a village affair


Directed by: Moira Armstrong
Written by: Alma Cullen

What an odd little cinematic experience this is. I was expecting big things considering it does star both Kerry Fox and Jeremy Northam, but I wasn't quite expecting my bizarre reaction to it. At times I was going "awwwww", at times I was going "ugggh!" and at times I had to bury my face in a pillow because I was cackling like a mad fishwife and scaring the dog. The good news is, the times I was really laughing were actually intentionally funny, so that's at least a good start.

A Village Affair is a quaint little English drama about a young married couple (everyone kept calling them a young married couple despite having been married for ten years and having had four children) who buy a big estate house next to a small village. The money and prestige of the area belongs to Sir and Lady Unwin, whose daughter Clodagh has just returned in a flourish from New York.

The Unwins invite our young couple, Alice and Martin Jordan, over for dinner one night amongst a plethora of other village yokels, I mean locals. Clodagh and Martin hit it off famously, while Alice, still suffering a bout of post-natal depression from the birth of her last child and feeling very disconnected with the world, thinks Clodagh is rude and obnoxious.

Gradually though, Clodagh squirms her way into the affections of the Jordan clan. She makes amends with Alice for their getting off on the wrong foot and the two become fast friends. Alice begins to participate in the community and, through her growing friendship with Clodagh, begins to emerge from the shell-shocked state in which she's spent the last few years. Even Martin's overbearing mother notices the change in Alice and is dismayed.

The Unwins become Martin's biggest client (he's a lawyer), an arrangement which promises to make everyone wealthier and even more chummy - but the hitch is that Clodagh has only brought this about so that she can spend more and more time with Alice. Finally she makes the confession. She's attracted to women. And not a single person in the audience is shocked.

Martin however, despite a failed pass at Clodagh, remains oblivious. Alice realises that her feelings for Clodagh run deeper than she ever thought possible and they begin a very sweet affair (awwww!), which is constantly and consistently rudely interrupted by the filmmakers fading to black every time something gets interesting (ugggh!). But hey, it was pretty racy for 1994.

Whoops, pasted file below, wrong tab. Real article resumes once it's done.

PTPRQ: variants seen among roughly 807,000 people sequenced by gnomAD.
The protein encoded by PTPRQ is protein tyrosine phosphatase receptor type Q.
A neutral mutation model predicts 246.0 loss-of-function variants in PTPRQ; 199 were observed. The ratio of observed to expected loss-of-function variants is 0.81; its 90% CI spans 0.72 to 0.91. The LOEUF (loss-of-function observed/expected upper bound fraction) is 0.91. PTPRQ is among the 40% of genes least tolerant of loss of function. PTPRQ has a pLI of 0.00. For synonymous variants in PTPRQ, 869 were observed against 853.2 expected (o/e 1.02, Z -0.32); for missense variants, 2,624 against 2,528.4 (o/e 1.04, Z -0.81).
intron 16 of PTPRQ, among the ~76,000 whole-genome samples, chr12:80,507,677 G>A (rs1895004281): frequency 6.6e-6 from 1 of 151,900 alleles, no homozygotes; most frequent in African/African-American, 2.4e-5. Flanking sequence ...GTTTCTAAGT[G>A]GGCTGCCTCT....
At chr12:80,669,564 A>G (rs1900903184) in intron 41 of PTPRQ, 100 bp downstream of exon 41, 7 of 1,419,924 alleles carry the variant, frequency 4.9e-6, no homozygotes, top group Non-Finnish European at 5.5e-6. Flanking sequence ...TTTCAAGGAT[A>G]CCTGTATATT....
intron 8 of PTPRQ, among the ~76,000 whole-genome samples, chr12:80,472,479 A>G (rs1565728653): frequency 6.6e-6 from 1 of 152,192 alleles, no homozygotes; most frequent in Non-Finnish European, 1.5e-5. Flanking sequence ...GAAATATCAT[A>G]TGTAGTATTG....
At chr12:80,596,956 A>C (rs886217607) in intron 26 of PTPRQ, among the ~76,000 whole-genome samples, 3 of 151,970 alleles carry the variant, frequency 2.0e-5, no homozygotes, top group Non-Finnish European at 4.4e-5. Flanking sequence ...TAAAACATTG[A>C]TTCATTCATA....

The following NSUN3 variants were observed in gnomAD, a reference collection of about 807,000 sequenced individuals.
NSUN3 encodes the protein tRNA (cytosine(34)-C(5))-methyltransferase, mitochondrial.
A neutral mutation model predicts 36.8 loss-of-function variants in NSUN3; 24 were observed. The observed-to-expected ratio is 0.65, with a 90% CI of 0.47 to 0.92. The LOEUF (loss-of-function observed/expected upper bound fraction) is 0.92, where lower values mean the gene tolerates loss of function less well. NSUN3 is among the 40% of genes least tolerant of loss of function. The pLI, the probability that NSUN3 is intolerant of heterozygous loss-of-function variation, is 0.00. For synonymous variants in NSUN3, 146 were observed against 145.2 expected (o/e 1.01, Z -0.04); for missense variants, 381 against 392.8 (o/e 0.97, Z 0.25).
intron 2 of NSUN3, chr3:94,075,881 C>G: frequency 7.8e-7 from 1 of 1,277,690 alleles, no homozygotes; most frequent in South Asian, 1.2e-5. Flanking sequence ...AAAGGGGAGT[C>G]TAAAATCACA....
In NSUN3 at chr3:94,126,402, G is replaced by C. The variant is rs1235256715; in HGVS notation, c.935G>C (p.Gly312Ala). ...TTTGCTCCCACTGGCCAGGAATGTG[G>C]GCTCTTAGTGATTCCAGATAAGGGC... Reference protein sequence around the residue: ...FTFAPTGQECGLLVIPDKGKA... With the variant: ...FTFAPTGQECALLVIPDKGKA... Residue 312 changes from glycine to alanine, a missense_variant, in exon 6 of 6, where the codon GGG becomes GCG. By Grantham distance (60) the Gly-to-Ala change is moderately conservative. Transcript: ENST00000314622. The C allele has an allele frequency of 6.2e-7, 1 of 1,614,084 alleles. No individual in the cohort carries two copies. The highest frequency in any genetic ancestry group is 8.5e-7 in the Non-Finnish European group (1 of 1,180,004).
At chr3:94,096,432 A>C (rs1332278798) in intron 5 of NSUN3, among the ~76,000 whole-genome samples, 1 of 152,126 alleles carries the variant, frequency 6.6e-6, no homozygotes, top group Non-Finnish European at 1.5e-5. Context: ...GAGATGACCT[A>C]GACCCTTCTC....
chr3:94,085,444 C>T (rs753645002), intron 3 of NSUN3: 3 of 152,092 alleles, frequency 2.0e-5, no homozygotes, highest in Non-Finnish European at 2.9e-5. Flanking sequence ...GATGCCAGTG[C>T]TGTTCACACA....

In the background we have the typical and often infuriating bit players. As with all films about small towns, the village itself is an important character in the plot, so much so that we keep being reminded by the annoying shopkeeper that it's a small village. But the incessant chattering and gossiping about each other's business seems authentic enough.

However, it wouldn't be a film if Clodagh and Alice's secret, blissful liaison were allowed to continue uninterrupted, now would it? Once Martin's wastrel brother Anthony hits town he immediately tries and fails to hit on Alice. As a result of which he concludes that Alice and Clodagh are having an affair. Seriously, I can't figure out how else he could have known. Alice turned him down, so she must be a lesbian. So Anthony turns around and dutifully informs Martin of this fact before he blows town.

It was around about this point that I realised that Alice's eldest daughter is being played by an extremely young Keira Knightley, so that distracted me no end for the rest of the film. I'm kind of glad about that though, because in the fine tradition of coming out films, the plot of the film and Alice's marriage started unravelling at a fairly equally ridiculous rate from then on.

Suddenly the village is divided into who is disgusted and who isn't. Clodagh, who had previously been a babbler and happy to the point where I thought maybe it might eventually be revealed that she was addicted to Lithium, becomes instantly suicidal. The remainder of her scenes are spent crying and throwing herself at people's feet declaring that without Alice she will die. Martin suffers an equally messy fate.

Alice, for her part, suddenly becomes all strong and enigmatic, making life-shattering decisions for absolutely no reason. For the life of me I still can't figure out why that particular ending was necessary. I love you but I need to leave. Why, exactly? I mean, I know Clodagh wasn't quite as sexy while she was blubbering about doing herself in as she was before that, but still, it did seem to me like she did get a bit shafted. I guess every viewer needs to make up their own mind on that point.

I was very glad that the joke they were leading up to throughout the entire film about the Village Wives society did eventually hit pay dirt. Watch out for that one, I was worried that I'd burst something. Finally, it might be my non-British roots showing here, but what kind of a name is Clodagh? I kept picturing this little lesbian leprechaun running around threatening to beat people up with her shillelagh. Also, one of the women had the unfortunate name of Lettice, that was pronounced "lettuce". I got confused every time. But anyway, I digress.

Like I said, it's a funny little film, but it doesn't take a single step off the beaten path. Take one coming-out-when-older storyline. Add one quaint English village (preferably that same one you've seen on every second UK TV show about a quaint little English village). Stir frequently. That'll give you the idea. There was a moment or two while skinny dipping in the pond when I thought the ladies were going to get all D.H. Lawrence on us, but to no avail.

Alas, a good rental I guess with a couple of classy moments, but on the whole not really very good.

Got a comment? Write to me at nancyamazon@gmail.com